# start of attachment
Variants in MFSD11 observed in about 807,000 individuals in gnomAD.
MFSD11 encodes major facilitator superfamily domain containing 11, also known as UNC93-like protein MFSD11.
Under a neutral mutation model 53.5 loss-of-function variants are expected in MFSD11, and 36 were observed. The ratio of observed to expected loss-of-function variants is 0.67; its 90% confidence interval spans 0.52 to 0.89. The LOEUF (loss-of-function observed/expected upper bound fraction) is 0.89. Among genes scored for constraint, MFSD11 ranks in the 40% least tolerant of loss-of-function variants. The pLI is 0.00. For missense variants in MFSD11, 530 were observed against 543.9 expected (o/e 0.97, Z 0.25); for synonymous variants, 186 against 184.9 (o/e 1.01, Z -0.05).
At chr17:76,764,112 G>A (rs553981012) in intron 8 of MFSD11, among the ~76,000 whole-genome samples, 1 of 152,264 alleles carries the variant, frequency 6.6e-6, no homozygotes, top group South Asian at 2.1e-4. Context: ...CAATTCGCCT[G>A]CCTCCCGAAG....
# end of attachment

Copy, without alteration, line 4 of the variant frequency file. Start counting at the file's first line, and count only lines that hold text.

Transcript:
At chr17:76,764,112 G>A (rs553981012) in intron 8 of MFSD11, among the ~76,000 whole-genome samples, 1 of 152,264 alleles carries the variant, frequency 6.6e-6, no homozygotes, top group South Asian at 2.1e-4. Context: ...CAATTCGCCT[G>A]CCTCCCGAAG....